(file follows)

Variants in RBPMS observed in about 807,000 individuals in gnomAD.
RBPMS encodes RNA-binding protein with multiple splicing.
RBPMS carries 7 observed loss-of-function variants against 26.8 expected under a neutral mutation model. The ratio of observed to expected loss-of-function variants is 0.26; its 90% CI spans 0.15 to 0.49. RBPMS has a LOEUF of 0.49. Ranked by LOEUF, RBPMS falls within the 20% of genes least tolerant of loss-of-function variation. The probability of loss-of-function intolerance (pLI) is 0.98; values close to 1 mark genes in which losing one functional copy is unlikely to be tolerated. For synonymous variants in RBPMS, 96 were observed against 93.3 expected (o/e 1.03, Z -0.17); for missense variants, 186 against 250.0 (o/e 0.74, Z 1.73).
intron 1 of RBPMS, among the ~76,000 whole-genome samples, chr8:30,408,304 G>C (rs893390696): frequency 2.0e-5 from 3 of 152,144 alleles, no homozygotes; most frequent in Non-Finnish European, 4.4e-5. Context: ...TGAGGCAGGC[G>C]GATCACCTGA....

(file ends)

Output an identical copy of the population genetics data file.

Variants in RBPMS observed in about 807,000 individuals in gnomAD.
RBPMS encodes RNA-binding protein with multiple splicing.
RBPMS carries 7 observed loss-of-function variants against 26.8 expected under a neutral mutation model. The ratio of observed to expected loss-of-function variants is 0.26; its 90% CI spans 0.15 to 0.49. RBPMS has a LOEUF of 0.49. Ranked by LOEUF, RBPMS falls within the 20% of genes least tolerant of loss-of-function variation. The probability of loss-of-function intolerance (pLI) is 0.98; values close to 1 mark genes in which losing one functional copy is unlikely to be tolerated. For synonymous variants in RBPMS, 96 were observed against 93.3 expected (o/e 1.03, Z -0.17); for missense variants, 186 against 250.0 (o/e 0.74, Z 1.73).
intron 1 of RBPMS, among the ~76,000 whole-genome samples, chr8:30,408,304 G>C (rs893390696): frequency 2.0e-5 from 3 of 152,144 alleles, no homozygotes; most frequent in Non-Finnish European, 4.4e-5. Context: ...TGAGGCAGGC[G>C]GATCACCTGA....